Active Minds Brings ‘Send Silence Packing’ to Pitt
By: Cassie Maz
On Friday, Active Minds, a national nonprofit organization that aims to facilitate conversations about mental health, set up an exhibit on the Cathedral of Learning’s lawn called Send Silence Packing. Pitt is the company’s fourth stop on the exhibit’s nationwide tour. The display of over 1,000 backpacks, which will come at least 16 more colleges and universities this year, represents the tremendous number of college students who fall victim to suicide each year.
Kama, a sophomore at Pitt, worked with other members of Active Minds’ Pitt Chapter over the summer to bring the Send Silence Packing exhibit to Pitt. Kama hopes the exhibit will open up the conversation about suicide: “The stigma around suicide is what often holds students back from reaching out for help…When you’re alone with such turmoil, it can just perpetuate the situation.”
Some backpacks contain stories donated by loved ones of specific students who have passed. Active Minds is also accepting backpacks from people who want to share their stories, to help humanize the statistics. Kadi, who tours with the national organization, explained that the display varies based on where it is located. The large lawn between the Cathedral of Learning and Heinz Chapel allowed for an expansive display resembling a sun, with rays of personal stories stretching out from an inner circle of backpacks. Kadi and her fellow organizers hope the display will encourage students and faculty alike to discuss mental health and seek help when they need it.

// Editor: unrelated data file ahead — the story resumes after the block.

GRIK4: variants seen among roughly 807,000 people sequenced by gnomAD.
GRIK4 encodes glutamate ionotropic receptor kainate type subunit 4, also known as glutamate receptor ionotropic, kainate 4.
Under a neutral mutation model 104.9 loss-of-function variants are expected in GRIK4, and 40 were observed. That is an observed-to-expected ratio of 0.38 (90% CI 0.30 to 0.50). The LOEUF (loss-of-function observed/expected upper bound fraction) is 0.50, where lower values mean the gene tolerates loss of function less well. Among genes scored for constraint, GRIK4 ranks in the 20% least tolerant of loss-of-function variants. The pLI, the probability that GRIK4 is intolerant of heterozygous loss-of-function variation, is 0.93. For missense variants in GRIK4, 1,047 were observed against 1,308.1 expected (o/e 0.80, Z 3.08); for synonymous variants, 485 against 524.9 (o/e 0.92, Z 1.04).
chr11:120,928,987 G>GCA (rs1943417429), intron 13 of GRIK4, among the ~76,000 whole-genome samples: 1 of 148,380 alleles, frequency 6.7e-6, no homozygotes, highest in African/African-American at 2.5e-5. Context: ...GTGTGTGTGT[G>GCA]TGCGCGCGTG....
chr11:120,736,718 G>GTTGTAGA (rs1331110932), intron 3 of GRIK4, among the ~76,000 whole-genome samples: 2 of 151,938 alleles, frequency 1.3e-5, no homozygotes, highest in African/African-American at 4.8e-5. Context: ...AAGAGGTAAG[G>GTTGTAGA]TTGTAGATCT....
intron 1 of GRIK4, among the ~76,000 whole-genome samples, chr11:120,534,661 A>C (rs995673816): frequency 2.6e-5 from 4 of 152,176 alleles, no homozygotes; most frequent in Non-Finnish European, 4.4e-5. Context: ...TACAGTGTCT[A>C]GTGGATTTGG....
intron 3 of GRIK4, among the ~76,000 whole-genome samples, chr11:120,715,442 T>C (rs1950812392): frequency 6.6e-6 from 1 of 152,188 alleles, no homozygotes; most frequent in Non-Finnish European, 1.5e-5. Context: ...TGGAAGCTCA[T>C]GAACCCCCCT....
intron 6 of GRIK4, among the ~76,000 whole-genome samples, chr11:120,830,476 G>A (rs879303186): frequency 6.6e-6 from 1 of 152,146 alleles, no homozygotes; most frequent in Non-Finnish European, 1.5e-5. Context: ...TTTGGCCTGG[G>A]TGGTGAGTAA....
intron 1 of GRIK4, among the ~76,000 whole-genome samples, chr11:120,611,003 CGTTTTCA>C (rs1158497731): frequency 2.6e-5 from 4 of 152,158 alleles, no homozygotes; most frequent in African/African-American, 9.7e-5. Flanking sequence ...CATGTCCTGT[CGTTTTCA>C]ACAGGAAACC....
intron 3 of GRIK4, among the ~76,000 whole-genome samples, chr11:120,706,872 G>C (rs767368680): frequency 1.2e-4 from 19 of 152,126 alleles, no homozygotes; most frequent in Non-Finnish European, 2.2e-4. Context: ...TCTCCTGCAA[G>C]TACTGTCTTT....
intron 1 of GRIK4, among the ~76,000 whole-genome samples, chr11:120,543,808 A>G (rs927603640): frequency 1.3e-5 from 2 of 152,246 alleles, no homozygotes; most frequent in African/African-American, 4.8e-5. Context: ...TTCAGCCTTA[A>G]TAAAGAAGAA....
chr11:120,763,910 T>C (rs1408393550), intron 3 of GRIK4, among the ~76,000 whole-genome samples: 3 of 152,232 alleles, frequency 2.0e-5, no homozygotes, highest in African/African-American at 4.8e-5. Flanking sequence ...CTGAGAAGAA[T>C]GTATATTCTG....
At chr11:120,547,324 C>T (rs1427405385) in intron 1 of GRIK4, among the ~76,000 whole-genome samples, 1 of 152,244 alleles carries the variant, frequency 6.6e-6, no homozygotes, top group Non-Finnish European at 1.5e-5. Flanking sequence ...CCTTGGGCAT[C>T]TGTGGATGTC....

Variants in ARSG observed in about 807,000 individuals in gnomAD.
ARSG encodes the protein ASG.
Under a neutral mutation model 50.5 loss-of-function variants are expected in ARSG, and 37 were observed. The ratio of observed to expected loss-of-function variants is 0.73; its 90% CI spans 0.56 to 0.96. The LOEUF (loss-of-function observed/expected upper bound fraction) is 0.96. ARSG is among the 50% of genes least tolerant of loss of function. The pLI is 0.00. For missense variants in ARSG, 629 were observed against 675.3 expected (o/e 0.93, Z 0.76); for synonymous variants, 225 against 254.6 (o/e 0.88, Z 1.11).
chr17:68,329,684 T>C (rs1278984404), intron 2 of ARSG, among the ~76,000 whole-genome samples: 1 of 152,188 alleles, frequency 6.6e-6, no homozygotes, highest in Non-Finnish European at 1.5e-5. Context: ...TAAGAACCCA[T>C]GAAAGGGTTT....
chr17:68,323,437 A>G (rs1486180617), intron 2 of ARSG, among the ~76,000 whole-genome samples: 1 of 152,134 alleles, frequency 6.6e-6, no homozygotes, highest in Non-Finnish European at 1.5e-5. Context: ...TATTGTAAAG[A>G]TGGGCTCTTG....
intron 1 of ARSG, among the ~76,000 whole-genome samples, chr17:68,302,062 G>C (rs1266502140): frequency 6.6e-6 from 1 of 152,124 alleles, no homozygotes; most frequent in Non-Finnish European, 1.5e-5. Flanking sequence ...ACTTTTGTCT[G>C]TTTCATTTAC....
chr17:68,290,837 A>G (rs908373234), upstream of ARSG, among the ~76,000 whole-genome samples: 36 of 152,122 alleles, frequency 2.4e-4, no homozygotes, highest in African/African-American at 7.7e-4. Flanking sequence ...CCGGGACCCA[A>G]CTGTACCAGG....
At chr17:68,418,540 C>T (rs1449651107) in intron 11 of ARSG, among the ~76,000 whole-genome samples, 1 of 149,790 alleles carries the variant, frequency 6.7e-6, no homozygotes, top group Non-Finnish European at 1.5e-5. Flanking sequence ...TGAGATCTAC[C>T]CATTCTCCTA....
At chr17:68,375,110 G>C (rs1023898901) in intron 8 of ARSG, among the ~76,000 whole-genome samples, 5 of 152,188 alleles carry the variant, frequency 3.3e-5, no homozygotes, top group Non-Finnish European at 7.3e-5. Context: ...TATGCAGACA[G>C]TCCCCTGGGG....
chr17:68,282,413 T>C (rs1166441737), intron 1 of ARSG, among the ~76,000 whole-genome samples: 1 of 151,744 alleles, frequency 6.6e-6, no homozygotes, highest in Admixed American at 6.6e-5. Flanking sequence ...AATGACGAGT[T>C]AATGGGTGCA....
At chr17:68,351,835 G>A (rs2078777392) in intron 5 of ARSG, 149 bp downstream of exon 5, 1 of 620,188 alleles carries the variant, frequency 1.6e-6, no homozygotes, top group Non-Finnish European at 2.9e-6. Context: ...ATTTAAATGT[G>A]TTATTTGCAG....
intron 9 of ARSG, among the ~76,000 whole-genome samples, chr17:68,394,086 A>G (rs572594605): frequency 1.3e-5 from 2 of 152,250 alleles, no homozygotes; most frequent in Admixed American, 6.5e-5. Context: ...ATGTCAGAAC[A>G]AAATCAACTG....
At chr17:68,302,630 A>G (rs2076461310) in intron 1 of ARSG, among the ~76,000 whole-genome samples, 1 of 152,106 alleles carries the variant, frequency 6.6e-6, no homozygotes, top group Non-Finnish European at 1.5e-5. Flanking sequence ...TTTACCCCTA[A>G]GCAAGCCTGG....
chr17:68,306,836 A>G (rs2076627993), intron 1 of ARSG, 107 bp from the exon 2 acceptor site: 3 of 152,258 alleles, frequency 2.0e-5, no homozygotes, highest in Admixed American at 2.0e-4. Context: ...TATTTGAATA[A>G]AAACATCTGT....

When asked what she hopes students get out of the display, Kama emphasized that it’s okay to not be okay. “It’s okay to talk about such a heavy topic…The more we talk about [suicide], the more it becomes acceptable to feel these feelings, so people aren’t scared to reach out to help… we just want to be a support system to students on campus.”
Kadi highlighted that the vast display “is hard to miss…and that’s kind of the point.” Kadi mentioned that after the exhibit comes to a university, there is an average 3% increase in people reaching out to campus mental health services.
Despite the increased awareness the display may give to campus counseling services, accessibility is still a hurdle for many students. Though Pitt offers online message boards, group and individual sessions are limited. Full bookings may imply that many students are aware of available services, but they also mean students who need help immediately can be kept on long waitlists. Two students from Duquesne expressed similar concerns about their own university’s counseling center. “I know that our counselors are booked full,” one student said. “If you want to go see them…it’s a long wait.”
Listen here for full interviews with Kama, Kadi, and passersby.
Active Minds is headed to Duquesne University next. Their exhibit will be on display Tuesday, September 17th. For more information about Active Minds, you can visit their website here.
For more information about Pitt’s chapter, you can visit their Facebook page here.
If you or a loved one need to reach out about mental health, you can learn more about local services here.